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The CHIRP Blog

Clarence Ewing - The Million Year Trip writesAn Interview with Berry

Chicago indie-pop band Berry has been together since 2002. Since that time the band has separated physically but not musically. While several members have relocated to different cities, the group still makes music together. Their lagtest album Everything, Compromised was recorded in five different states and mixed in at least four different countries..!

Berry is performing tonight at Schubas Tavern (with The Icarians and Kodakrome) to finish up their first tour in seven years. To mark the occasion, Clarence Ewing spoke to Paul Goodenough about the band and what it's like to make music across three different time zones.

Clarence Ewing: Give us a history of Berry from 2007 to now.

Paul Goodenugh: The big obvious theme of the history is that in 2007 we existed as a band in the closest possible quarters--living together, recording constantly, touring intensely.  Now we exist in three different time zones.  There was a period from 2010-2014 when we had to take some time to focus on family, school, and life adventures.  That was right after we released and toured for Blue Sky, Raging Sun (Joyful Noise).  Once we settled after that transition period, we got the Berry-ball rolling again, but it took a while to gain momentum.  An early collaborator of ours, Paul Klimson, basically kicked our asses and got us serious about recording and releasing music with some semblance of direction.  For the last two years, we have been "practicing" weekly via conference call, and we usually spend a week together each summer to either record or tour.

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Categorized: Interviews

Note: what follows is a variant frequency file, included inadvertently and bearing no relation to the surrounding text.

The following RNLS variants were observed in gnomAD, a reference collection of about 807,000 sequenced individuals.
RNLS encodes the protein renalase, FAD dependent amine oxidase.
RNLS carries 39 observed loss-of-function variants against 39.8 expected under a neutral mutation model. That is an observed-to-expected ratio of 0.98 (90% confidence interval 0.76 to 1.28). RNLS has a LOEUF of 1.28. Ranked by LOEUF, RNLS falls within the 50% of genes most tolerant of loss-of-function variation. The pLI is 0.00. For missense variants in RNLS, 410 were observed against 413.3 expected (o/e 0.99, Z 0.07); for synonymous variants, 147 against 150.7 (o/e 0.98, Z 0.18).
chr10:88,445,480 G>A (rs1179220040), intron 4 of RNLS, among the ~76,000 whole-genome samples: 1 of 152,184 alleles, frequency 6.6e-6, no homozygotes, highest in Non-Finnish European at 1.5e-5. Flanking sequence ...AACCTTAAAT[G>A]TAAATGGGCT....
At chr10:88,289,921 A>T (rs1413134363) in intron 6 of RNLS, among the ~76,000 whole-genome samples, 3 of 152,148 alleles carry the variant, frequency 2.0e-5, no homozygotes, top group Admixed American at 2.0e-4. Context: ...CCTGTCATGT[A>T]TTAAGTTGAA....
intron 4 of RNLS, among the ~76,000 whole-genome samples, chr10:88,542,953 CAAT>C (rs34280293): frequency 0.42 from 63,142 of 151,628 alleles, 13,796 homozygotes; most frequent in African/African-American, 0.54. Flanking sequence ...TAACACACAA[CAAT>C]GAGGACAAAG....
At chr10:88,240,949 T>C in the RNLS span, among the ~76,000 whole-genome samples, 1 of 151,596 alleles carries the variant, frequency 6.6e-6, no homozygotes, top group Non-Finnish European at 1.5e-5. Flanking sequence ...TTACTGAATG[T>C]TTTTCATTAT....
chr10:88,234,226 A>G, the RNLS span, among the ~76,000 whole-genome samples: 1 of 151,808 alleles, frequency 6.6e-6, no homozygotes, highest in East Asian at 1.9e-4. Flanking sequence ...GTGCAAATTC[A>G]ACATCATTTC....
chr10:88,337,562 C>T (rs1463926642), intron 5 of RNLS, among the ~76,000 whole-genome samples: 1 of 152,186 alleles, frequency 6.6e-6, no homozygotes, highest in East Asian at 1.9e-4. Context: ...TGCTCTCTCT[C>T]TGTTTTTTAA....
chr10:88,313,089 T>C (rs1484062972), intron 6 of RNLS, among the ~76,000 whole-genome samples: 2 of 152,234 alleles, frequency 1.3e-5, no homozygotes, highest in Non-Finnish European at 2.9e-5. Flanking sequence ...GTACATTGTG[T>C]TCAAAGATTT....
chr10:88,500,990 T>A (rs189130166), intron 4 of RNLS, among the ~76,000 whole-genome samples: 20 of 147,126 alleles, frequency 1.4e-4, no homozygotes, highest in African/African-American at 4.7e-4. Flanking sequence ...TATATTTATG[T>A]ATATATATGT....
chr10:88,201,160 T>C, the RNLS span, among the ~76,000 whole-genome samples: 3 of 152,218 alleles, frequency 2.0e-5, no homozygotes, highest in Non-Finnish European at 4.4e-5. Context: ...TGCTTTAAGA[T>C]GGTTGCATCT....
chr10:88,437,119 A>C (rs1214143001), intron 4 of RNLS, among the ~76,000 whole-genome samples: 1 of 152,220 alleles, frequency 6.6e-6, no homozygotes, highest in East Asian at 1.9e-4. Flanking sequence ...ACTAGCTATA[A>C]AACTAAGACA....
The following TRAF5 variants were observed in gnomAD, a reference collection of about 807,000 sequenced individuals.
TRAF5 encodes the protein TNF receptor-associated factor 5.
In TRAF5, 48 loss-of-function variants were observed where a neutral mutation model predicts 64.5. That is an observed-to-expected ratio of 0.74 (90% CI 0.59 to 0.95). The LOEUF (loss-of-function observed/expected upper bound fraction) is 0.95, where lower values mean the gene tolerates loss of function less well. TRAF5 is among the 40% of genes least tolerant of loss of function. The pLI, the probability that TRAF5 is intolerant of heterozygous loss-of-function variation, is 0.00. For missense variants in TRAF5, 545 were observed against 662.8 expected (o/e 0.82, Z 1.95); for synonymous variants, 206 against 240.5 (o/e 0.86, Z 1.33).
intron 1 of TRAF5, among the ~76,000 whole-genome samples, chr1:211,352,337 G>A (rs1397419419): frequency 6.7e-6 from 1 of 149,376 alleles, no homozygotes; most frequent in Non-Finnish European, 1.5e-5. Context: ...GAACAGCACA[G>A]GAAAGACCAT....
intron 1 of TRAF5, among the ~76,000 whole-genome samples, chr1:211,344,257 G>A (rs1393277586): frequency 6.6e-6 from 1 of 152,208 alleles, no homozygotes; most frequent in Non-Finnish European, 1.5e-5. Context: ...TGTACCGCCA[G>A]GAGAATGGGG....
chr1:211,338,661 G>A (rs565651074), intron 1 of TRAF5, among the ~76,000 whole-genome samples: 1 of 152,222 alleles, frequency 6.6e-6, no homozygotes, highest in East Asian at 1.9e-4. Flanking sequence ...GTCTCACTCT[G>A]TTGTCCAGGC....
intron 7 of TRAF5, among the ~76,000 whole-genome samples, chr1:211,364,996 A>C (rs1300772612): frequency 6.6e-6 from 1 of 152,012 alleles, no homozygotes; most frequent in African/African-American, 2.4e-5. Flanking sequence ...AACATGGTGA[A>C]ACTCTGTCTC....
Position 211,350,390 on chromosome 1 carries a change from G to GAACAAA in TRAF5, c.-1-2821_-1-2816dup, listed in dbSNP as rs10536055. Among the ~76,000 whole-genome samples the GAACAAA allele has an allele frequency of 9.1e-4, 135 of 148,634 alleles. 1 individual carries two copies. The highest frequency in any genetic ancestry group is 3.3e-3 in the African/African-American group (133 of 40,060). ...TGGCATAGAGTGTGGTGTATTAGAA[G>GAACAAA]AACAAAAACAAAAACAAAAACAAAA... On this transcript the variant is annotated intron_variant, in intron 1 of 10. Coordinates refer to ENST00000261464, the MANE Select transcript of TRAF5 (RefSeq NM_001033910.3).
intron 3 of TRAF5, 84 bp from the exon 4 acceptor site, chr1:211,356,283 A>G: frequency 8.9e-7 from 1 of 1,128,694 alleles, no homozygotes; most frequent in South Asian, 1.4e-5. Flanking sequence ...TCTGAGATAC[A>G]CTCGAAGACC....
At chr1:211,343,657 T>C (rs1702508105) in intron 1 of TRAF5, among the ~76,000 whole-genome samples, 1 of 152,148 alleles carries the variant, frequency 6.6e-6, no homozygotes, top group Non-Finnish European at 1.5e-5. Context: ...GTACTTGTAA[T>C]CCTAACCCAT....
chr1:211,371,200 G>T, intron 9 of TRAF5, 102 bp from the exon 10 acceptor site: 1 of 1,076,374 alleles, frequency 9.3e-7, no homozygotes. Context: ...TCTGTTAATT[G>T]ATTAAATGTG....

Topics: berry

Kevin Fullam writesThe Fourth Wall: Exit Through the Gift Shop

Welcome to The Fourth Wall, CHIRP's weekly e-conversation on cinema. This week's subject is the 2010 documentary Exit Through the gift Shop.

This edition is written by CHIRP Radio volunteers Kevin Fullam and Clarence Ewing.


"I think the joke is on... I don’t know who the joke is on, really. I don’t even know if there is a joke."

Who's the arbiter of what constitutes "good" art? Or art, period? You, the reader, probably have better-formed opinions about tunes (this is a CHIRP Radio site, after all), but still, one person's trash is someone else's treasure. There are entire genres of music that I'm unable to digest, but I certainly don't believe that my tastes are any more or less highfalutin' than another's in this regard -- we simply form an immediate physical reaction to the beats and melodies that we hear. Keep in mind that my background in visual arts is pretty rudimentary, but I kinda think this medium works the same way? Most of us simply will know what we like when we see it. 

Enter the documentary Exit Through the Gift Shop, a project which originally began as a fly-on-the-wall snapshot of the world of street art by vagabond/vintage-clothing proprietor Thierry Guetta. It then later morphed into a profile of reclusive British graffiti wizard Banksy, but when Banksy couldn't make heads-or-tails of Guetta's finished product (Life Remote Control, which Banksy describes as "an hour and a half of unwatchable nightmare trailers"), Banksy decided to commandeer Guetta's tapes and take a stab at stitching together the film. 

The result? A profile of Guetta himself, who runs with Banksy's offhand suggestion of creating his own street art, and sinks his life savings into a gargantuan Los Angeles art exposition -- a warehouse populated with work that was "conceived" by Guetta but actually produced by artists he employed. While much of his "style" seems incredibly derivative (he's basically an Andy Warhol knockoff), Guetta's ability to generate interest creates the perception that this is cutting-edge art, and it sells like hotcakes to wildly-enthusiastic audiences... while Banksy and the street-art community are left horrified at the monster they've created. 

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Categorized: The Fourth Wall

Clarence Ewing - The Million Year Trip writesIn Rotation: Big Sadie

Chicago is a city of many mustical styles, including a strong tradition of Country, Folk, and Roots music. Local group Big Sadie is one of the bands contributing to modern Americana with skill and grace. Their debut album Keep Me Waiting has just been released on Spindle Tree Records. Songs frpm this album are available in rotation and by request on CHIRP Radio.

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Categorized: In Rotation

Topics: big sadie

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